Mary Margaret Whipple, a former Arlington School Board chairman beginning her fourth year on the Arlington County Board, has been selected by the board's Democratic majority to succeed County Board Chairman John G. Milliken, Milliken said yesterday.

Whipple, a former legislative aide to state Sen. Edward M. Holland (D-Arlington) and a longtime community activist, will serve as chairman for one year beginning Jan. 1.

In the board's annual realignment yesterday, Albert C. Eisenberg, a former U.S. Senate staff member who was elected to the County Board in November 1983, was selected as vice chairman, Milliken said.

Ellen M. Bozman, reelected Nov. 5 after an easy victory over Richard J. Herbst, who ran as an independent with the endorsement of county Republican leaders, was sworn in to her fourth four-year term on the board.

The five-member board will officially elect the chairman and vice chairman of the County Board at a Jan. 1 organizational meeting. At that same meeting, the four Democratic members of the board also will state their agenda for 1986. Several noted yesterday that a priority would be the continuing effort to improve Arlington's "livability."

"The major cataclysmic land-use decisions are made," Milliken said. "My view is that over the next stretch of years we need to concentrate our attention on Arlington's livability" -- including transportation, availability of retail shopping, housing and parks.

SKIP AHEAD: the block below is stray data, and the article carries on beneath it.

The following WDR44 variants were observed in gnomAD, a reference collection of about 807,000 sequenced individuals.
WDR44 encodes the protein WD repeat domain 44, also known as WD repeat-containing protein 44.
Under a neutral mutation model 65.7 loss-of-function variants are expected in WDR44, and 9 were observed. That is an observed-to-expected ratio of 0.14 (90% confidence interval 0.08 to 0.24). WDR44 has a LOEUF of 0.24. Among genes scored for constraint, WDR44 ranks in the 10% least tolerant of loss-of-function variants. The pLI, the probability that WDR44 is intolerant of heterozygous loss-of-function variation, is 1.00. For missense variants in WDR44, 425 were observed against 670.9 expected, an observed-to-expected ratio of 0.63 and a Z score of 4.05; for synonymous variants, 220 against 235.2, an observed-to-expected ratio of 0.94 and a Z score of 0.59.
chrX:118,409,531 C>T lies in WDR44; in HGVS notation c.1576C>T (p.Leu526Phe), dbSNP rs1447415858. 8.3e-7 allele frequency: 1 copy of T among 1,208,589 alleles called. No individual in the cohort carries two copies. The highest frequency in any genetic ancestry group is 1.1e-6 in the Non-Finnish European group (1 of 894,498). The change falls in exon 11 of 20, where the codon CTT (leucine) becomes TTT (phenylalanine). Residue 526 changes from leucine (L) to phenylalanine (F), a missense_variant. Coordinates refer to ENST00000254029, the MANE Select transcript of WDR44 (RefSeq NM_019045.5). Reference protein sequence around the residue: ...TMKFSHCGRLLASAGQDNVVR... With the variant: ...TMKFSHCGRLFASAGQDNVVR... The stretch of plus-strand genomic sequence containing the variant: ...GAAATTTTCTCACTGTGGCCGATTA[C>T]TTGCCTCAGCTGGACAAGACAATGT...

Board members cited several actions in the past year aimed to preserve affordable rental housing and neighborhood amenities such as grocery stores.

In April, the board approved plans to maintain the 152-unit Westover Apartments as a rental complex through the use of federal subsidies rather than allowing the complex to be converted to condominiums.

Last week, Whipple noted, developers broke ground for a 12-story Rosslyn building that will include a Safeway store. "We found a way to ensure that a grocery store remained in a new development; we found a formula that worked," she said.

Bozman said the board will continue its efforts next year to provide for those on both ends of the age scale -- the elderly population, growing faster than any other age group in the county, and the increasing numbers of children who need day care.

In light of demographics showing the most rapid growth in the elderly population and the group of persons between 20 and 35, the county must concentrate on luring families, Whipple said.

"We seemed to be naturally attracting the young single professional and needed to make some special efforts to attract families of all types; that's something we will continue to push."

Bozman cautioned that imminent federal budget cuts will make the board's priorities more difficult to carry out. "This is the framework local government finds itself in. We are the ones who will have to make adjustments and pick up the tab," she said. "We're going to be dealing with uncertainty."